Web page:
Getting vaccinated against COVID-19 has been proven to help protect you from getting sick or having to be hospitalized if you do become sick after being vaccinated. However, side effects after being vaccinated are normal as your body begins to build immunity and they should only last a few days. The common side effects after getting vaccinated include:
On the arm that got the shot:
Throughout your body:
- Muscle pain
Talk to your doctor about taking approved over-the-counter medications to help with side effects, this can include: ibuprofen, acetaminophen, aspirin or antihistamines. Taking any of these medications before your vaccination to try to prevent the side effects is not recommended.
Other ways you can reduce any pain or discomfort are applying a wet, cool washcloth over the injection site and using the arm lightly. It is recommended that you drink a lot of fluids and dress lightly if you develop a fever as a side effect. The second shot is known to have more intense side effects than the first one, plan accordingly so that your daily functions are not affected and know that this is a normal reaction.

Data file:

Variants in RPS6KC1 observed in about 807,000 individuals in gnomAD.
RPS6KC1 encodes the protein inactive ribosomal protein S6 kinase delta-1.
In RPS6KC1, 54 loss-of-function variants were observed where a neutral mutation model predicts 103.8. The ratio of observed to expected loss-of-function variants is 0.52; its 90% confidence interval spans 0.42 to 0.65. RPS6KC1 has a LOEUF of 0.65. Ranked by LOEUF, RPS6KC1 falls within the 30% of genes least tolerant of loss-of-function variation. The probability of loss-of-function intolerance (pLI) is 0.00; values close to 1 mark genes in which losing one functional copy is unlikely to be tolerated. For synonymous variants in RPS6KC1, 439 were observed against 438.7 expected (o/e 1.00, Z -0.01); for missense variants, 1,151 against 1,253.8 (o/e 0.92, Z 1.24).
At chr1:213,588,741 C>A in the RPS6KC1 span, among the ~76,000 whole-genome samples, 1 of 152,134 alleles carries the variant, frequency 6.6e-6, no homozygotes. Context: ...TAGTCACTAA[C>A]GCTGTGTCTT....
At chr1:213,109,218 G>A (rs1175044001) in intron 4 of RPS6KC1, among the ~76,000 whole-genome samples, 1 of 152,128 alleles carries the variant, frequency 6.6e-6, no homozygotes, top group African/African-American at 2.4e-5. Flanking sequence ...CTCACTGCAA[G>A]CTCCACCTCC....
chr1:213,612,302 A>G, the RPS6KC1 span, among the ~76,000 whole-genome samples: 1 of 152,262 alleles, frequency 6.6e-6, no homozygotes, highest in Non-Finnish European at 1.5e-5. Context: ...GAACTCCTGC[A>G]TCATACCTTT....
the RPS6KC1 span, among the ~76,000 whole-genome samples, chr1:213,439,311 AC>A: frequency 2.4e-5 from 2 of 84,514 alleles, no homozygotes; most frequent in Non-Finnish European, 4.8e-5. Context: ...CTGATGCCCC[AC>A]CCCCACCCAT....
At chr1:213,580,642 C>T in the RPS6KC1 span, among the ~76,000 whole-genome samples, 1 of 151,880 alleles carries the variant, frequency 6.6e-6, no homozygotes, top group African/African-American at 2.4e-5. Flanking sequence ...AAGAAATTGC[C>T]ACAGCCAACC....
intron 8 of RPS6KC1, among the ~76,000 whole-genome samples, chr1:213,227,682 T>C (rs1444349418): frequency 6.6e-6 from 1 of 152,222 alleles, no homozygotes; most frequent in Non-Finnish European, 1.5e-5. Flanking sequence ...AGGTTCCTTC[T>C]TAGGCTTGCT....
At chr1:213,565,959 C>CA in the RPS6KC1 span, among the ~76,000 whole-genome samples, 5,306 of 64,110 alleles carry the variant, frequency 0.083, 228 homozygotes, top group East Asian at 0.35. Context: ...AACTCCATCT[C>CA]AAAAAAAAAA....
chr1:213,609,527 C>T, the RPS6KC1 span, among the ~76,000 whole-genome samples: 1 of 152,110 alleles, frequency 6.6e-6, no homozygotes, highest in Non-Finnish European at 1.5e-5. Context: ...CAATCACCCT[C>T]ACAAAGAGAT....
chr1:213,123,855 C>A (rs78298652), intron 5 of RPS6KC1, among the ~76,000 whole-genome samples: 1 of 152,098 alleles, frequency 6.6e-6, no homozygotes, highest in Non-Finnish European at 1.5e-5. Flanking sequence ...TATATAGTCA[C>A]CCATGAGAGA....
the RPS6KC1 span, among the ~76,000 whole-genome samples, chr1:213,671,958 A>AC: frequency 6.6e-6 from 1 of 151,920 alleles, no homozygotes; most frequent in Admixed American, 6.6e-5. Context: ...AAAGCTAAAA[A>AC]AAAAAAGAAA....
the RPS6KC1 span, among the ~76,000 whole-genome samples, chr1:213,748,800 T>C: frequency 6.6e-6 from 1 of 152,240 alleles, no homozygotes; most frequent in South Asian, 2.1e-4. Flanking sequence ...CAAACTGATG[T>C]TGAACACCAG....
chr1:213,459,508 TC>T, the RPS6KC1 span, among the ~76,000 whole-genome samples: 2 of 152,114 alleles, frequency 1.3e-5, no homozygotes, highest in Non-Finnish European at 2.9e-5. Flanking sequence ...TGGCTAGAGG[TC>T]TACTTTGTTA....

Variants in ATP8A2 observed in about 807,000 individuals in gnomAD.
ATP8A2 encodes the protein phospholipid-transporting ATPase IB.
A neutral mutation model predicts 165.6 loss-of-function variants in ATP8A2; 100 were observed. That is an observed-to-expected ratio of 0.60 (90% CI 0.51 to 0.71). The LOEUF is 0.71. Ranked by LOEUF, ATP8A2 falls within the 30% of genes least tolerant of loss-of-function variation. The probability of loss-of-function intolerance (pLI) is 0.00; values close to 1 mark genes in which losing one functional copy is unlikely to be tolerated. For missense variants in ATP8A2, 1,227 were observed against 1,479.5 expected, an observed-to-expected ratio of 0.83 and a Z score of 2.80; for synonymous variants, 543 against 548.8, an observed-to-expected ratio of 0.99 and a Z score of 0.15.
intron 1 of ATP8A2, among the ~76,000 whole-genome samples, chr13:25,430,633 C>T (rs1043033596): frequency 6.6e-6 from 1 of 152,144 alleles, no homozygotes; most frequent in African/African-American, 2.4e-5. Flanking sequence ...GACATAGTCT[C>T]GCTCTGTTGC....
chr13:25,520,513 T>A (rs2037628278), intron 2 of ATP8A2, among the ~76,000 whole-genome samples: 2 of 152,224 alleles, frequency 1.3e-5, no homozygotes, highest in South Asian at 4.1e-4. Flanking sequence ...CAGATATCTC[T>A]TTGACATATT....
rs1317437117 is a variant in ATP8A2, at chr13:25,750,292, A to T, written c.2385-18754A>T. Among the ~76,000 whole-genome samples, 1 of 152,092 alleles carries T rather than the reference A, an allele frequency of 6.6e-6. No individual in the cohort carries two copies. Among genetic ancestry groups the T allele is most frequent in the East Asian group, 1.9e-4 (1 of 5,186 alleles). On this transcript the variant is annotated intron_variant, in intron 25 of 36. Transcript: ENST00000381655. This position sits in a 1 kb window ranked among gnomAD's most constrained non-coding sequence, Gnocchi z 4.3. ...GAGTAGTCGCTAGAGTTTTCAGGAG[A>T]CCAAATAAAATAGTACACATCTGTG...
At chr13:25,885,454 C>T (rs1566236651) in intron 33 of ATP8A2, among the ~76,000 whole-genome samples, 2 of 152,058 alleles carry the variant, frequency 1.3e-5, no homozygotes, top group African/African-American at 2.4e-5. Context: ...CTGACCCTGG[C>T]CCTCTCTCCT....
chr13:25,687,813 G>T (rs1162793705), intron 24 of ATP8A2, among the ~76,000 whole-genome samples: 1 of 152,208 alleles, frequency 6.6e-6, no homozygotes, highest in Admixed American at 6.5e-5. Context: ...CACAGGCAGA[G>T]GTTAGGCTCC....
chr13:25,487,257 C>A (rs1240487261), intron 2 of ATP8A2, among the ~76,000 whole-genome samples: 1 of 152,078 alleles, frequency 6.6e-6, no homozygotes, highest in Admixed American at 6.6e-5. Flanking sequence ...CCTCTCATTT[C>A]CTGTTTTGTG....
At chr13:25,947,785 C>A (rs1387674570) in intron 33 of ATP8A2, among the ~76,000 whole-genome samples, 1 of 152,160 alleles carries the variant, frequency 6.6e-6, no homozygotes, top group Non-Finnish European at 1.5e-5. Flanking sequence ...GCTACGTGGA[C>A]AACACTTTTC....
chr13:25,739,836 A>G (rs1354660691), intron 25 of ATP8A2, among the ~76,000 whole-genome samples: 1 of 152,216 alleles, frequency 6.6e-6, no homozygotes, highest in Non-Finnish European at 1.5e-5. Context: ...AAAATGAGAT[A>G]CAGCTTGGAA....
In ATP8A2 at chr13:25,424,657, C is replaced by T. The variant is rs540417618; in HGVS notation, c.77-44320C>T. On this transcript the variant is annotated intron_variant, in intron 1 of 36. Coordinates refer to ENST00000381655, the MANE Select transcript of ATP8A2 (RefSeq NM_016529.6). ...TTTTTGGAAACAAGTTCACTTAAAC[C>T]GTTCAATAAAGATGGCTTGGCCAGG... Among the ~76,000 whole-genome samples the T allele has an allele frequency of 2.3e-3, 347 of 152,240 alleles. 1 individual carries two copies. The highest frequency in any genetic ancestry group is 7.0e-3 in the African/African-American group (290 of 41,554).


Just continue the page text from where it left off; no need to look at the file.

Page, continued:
Should any abnormal reactions occur such as redness or soreness lasting longer than 24 hours or your other side effects remain longer than a few days, seek medical care immediately. If you think you are having an allergic reaction to the vaccine seek emergency medical care.
Even though the vaccine allows you to be protected against COVID-19 it is still recommended by the CDC to continue to follow COVID procedures and take precautions when going out in public until more information on how long vaccine protection lasts and if you are unable to pass COVID asymptomatically.